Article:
Three plays with message so contemporary

Uzma Gillani plays the role of ageing Jehan Ara

By Neena Badhwar

Nautanki Theatre’s ambitious initiative that started last year celebrated its 2nd  South Asian Theatre Festival on 9th and 10th of November at Riverside’s Raffertys Theatre in Parramatta.

”˜A Celebration in Language’ ”“ the festival staged three plays from the Indian subcontinent. They were: a Gujarati play ”“ Bapu Down Under, a Sinhalese play ”“ Thara and an Urdu play ”“ Jehan Ara Ke Teen Roop.

While the Gujarati play concentrated on violence in today’s world, and the Sinhalese play also centred on Buddhist philosophy of peace, the Urdu play based on Mughal princess depicted Jehan Ara and her introspection in her old age about her life as a young woman who ruled India at the behest of her father Jehangir, famously known as Shah Jehan who retired lovelorn after the death of his favourite begum Mumtaz Mahal.

Dinsha Palkhiwala as Bapu

Passengers on train with Bapu and Ba

Bapu Down Under, directed by Vipul Vyas, opened up to a scene as Hemal Joshi and Saral Somaiya dressed as a Gujarati couple are to board a train to Melbourne for a peace conference. Surprisingly appear Bapu and Kasturba as fellow passengers who walk to the stage supposedly in the train compartment of a train. With them also are three youngsters on a mission different to what Bapu and Ba stood for, their life assayed by the sacrifices they made to free India from the shackles of British Raj through non violence. Their impressive entry took everyone to an era of yore yet a much needed presence in today’s world ridden with violence. Dinsha Palkhiwala as Bapu and Aparna Tijoriwala as Ba were not only brilliant in appearance, they immediately engaged the audience, with dialogues that make one think how violence only begets violence. Not only the young passengers and the Gujarati couple are transformed at the end, people in the audience are also. The world needs a Bapu again. The play which was a full length two-hour play was cut short as Aparna said later that around 13 drafts were carried out to iron and polish it to a short play that maintained the essence of Bapu’s message. Simple stage setting, the sounds, the pictures at the back of the train, the station, the steam created a seamless stage adaptation of a play and its message in a short span of a little over twenty minutes. It will make the audience think more than thirteen times, in fact many a times, a seed that has been implanted by the fine acting of the players.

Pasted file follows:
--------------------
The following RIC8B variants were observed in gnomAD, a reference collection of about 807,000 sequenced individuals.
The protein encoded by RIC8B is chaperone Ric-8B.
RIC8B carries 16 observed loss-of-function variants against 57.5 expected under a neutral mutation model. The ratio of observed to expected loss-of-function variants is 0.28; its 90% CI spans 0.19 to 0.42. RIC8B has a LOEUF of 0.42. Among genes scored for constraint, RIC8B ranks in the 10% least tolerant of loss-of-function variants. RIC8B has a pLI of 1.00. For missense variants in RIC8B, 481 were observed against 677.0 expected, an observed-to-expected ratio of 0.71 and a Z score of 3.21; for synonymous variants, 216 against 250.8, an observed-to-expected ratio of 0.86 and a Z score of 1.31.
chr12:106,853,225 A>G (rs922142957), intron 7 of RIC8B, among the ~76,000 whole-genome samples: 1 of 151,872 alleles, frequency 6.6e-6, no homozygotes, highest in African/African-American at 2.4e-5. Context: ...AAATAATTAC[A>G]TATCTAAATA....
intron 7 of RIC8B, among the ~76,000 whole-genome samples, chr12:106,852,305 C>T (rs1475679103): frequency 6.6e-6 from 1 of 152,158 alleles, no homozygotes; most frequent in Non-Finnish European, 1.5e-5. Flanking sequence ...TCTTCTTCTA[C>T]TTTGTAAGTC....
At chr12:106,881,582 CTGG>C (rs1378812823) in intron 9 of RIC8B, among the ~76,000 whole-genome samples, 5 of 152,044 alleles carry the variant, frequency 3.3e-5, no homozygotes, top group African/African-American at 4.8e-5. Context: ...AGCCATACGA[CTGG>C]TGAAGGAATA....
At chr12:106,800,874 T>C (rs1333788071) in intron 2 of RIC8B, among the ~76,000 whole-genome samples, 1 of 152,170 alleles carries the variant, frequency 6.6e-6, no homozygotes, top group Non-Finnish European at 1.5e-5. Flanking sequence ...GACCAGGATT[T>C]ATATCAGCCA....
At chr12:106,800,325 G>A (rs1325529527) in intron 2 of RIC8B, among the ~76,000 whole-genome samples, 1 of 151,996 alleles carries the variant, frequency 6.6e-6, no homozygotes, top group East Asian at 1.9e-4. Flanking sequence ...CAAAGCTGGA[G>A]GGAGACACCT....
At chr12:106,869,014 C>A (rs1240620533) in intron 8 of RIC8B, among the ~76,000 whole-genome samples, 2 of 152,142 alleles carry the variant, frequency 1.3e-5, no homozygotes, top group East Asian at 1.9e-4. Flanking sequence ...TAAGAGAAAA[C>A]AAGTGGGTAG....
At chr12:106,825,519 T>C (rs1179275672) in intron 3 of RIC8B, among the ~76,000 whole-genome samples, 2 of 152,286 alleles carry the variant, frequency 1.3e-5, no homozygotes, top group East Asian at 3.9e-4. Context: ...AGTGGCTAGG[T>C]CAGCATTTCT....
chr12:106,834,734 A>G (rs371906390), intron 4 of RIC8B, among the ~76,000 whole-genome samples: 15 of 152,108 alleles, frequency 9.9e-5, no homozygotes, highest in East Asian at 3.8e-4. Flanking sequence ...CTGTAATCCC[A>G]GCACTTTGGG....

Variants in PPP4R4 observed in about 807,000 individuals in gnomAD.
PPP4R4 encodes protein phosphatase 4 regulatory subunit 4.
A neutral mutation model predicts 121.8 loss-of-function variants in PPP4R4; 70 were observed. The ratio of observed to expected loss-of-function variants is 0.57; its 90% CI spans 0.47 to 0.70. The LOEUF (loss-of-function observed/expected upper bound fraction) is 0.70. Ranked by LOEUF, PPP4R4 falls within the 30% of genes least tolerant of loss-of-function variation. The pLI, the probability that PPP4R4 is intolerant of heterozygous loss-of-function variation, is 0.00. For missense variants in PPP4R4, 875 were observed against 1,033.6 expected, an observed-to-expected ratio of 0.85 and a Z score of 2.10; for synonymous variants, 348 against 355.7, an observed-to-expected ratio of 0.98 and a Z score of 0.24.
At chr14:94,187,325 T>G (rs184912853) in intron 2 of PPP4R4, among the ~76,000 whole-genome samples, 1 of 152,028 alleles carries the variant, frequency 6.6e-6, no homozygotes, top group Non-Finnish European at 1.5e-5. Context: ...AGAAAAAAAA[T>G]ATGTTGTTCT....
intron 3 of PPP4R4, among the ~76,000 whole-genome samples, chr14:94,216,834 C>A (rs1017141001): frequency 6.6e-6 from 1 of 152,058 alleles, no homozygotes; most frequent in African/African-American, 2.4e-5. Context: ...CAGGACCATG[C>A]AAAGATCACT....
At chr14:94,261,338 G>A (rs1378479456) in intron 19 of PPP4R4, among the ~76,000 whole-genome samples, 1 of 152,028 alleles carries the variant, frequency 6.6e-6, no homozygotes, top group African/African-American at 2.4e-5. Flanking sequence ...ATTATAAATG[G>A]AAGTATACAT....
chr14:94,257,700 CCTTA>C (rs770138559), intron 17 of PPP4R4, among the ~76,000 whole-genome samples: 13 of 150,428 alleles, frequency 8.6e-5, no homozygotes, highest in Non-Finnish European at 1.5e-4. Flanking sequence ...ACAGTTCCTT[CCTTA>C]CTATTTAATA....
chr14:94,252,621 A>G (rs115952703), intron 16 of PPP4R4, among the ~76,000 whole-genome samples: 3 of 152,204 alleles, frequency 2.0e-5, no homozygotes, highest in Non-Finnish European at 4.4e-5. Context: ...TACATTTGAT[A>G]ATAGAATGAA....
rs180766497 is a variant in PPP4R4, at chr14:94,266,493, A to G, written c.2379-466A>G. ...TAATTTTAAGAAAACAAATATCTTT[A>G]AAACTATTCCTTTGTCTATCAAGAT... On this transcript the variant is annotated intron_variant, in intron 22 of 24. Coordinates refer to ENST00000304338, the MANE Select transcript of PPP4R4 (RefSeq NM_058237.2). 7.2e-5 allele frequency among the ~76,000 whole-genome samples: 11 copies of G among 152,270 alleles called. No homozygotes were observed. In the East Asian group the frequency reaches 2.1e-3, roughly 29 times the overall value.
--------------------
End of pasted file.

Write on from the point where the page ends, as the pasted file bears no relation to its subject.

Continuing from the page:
In impressive costumes, Sinhalese play ‘Thara’ gave a message of peace  

Scheming ministers plotting behind king’s back

”˜Thara’ is play, again cut to short length from a long script, written, directed and acted by Champa Buddhipala about a Sri Lankan king who wants his daughter to be a party to his victorious forays in conquering kingdoms and usurping them by force. Of course the daughter refuses to be a part in this wanton killing by the father as she believes in peace and only peace. One did not need prompting or translation as the actors played their part beautifully and used a lot of expression. The costumes worn by them impressed the viewers, simple, traditional yet rich and elegant, to which Champa said later that the play and the costumes belong to a traditional form of drama that is emerging there and to which he is a student of. The dialogues were interspersed with verses sung by the actors and performed by them effortlessly.

Reema Gillani, Kumud Merani and Uzma Gillani in Jehan Ara Ke Teen Roop

The third play ”˜Jehan Ara Ke Teen Roop’ opened to a dark and dreary night as the aged Jehan Ara was played by Uzma Gillani. Uzma is a great actress of Pakistan that Sydney has been able to witness now that Uzma lives here. Old age is a time for introspection, nostalgia about good times and bad, and any regrets one may carry. This play and Gillani’s acting was superb of a character, though historical, but the thought quite applicable to our contemporary world where we came to Australia in our young years enjoyed economic leisures of our lives and now going down hill we think of life’s ups and downs as we age. As an ageing Jehan Ara Uzma was brilliant yet the young Jehan Ara portrayed well by one and only Kumud Merani was in my view should have been played by a young actor. Jehan Ara carries in us an image of very beautiful Mughal princess and Kumud looked old, no criticism to her able acting which she carried with aplomb. And   young Jehan Ara played by Reema Gillani in the third role of great Jehan Ara regrets her decision of dumping her baby, who having fallen pregnant to her amour, has to hide it from the eyes of the world. Her tears she said, afterwards, were real having cried a few times while practicing. Those regrets we carry in our bosom of various sorts which come out spilling in the dark nights of old age is how this play makes you think. It was conducted excellently and touched us all in its simplicity yet profound message it forces one to delve into. Great performance by all of a tight script with good dialogues.

It was an evening worth witnessing of theatre groups from different subcontinent background coming together on Nautanki platform, to which the director, Neel Bannejee, said humbly, after the show, “Its all their effort. I am only in the background.”

Well, Neel, well done, even if.





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